- any of several spherical or oval bacteria of the genus Streptococcus, occurring in pairs or chains, certain species of which are pathogenic for humans, causing scarlet fever, tonsillitis, etc.
Origin of streptococcus
Examples from the Web for streptococcus
Historical Examples of streptococcus
They were proved to contain the streptococcus or germ of erysipelas.Doctor Therne
H. Rider Haggard
One blood culture revealed the presence of streptococcus in addition to Bacillus pestis.Plague
Thomas Wright Jackson
Strangles or distemper is, according to most pathologists, due to the Streptococcus equi.Lameness of the Horse
John Victor Lacroix
Cultivations from the liver gave a pure growth of what appeared to be a typical (non-capsulated) Streptococcus pyogenes longus.
If the resulting growth resembles that of the streptococcus, make subcultivations upon nutrient agar.
- any Gram-positive spherical bacterium of the genus Streptococcus, typically occurring in chains and including many pathogenic species, such as S. pyogenes, which causes scarlet fever, sore throat, etc: family LactobacillaceaeOften shortened to: strep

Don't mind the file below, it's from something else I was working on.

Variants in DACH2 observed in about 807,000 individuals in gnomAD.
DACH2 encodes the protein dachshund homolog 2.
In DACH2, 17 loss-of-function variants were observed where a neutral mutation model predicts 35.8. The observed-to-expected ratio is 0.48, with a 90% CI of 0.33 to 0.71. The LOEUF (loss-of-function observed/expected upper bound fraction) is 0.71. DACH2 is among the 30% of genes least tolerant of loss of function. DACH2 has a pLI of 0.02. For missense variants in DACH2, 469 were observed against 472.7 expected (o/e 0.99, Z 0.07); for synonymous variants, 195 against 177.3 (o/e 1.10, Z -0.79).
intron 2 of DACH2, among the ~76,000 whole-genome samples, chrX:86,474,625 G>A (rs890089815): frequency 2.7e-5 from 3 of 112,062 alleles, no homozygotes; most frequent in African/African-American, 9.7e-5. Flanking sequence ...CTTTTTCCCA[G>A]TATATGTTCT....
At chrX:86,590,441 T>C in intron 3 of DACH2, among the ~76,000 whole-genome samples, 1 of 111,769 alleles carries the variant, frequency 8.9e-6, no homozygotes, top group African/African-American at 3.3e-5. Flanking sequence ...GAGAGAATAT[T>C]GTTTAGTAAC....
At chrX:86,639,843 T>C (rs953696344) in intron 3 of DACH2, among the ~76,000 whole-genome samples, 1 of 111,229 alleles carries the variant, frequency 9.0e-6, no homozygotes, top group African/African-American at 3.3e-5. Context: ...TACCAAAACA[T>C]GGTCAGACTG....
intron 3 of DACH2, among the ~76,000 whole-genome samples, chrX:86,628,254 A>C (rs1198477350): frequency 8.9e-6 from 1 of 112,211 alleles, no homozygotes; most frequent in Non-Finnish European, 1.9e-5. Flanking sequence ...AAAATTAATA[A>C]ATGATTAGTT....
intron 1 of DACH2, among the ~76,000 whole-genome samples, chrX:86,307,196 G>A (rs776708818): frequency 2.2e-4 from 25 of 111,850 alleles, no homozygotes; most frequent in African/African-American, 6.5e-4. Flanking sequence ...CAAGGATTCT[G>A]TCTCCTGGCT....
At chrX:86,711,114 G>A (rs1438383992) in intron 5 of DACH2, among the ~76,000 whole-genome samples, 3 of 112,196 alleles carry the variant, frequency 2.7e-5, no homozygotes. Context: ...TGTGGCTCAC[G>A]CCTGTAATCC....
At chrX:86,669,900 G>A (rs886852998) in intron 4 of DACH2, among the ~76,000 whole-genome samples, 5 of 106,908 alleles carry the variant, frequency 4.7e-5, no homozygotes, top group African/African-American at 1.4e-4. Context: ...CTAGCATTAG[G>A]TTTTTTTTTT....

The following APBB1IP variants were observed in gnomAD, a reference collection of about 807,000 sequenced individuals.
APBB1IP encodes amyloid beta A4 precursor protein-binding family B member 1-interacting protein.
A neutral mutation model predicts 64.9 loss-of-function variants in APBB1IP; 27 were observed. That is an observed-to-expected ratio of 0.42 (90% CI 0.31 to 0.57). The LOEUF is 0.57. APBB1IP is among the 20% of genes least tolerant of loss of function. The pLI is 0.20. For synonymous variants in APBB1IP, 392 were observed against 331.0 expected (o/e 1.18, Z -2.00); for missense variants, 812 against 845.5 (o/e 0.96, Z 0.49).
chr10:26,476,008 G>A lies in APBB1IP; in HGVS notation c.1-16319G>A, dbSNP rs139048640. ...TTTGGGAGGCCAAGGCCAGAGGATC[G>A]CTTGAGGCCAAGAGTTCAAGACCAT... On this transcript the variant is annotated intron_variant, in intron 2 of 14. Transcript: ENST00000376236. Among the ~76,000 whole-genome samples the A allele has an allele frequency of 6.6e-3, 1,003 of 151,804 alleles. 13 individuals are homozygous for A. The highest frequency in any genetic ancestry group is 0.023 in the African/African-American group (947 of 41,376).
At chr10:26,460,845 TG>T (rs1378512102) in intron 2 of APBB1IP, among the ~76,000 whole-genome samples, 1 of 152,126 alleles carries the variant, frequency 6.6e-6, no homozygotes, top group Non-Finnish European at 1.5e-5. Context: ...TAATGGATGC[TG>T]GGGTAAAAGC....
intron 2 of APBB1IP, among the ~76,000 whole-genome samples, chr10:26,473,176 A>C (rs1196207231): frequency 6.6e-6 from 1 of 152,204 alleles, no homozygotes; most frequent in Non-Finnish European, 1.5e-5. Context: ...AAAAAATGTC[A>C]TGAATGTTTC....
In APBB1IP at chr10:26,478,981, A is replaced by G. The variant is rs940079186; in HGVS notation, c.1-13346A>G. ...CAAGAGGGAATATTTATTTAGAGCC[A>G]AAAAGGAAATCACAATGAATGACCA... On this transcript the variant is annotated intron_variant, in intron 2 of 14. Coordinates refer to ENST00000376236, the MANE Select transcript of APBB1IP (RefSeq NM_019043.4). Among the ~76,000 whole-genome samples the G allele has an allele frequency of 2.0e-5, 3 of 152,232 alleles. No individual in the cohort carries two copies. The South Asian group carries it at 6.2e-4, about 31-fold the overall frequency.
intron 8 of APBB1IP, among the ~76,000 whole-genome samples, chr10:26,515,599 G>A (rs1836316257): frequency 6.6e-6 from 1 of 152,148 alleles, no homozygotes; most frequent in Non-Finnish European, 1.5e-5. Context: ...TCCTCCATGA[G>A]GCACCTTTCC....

Word Origin and History for streptococcus
bacteria genus, 1877, Modern Latin, coined by Viennese surgeon Albert Theodor Billroth (1829-1894) from Greek streptos "twisted" + Modern Latin coccus "spherical bacterium," from Greek kokkos "berry" (see cocco-). So called because the bacteria usually form chains.
- A bacterium of the genus Streptococcus.
- A genus of gram-positive, anaerobic, often pathogenic bacteria having an ovoid or spherical appearance and occurring in pairs or chains, including many erythrocytolytic and pathogenic species that cause erysipelas, scarlet fever, and septic sore throat in humans.
- Any of various bacteria of the genus Streptococcus that are gram-positive cocci and are normally found on the skin and mucous membranes and in the digestive tract of mammals. One type of streptococcus, Group A, is a common pathogen in humans and causes various infections, including strep throat, scarlet fever, pneumonia, and some types of impetigo.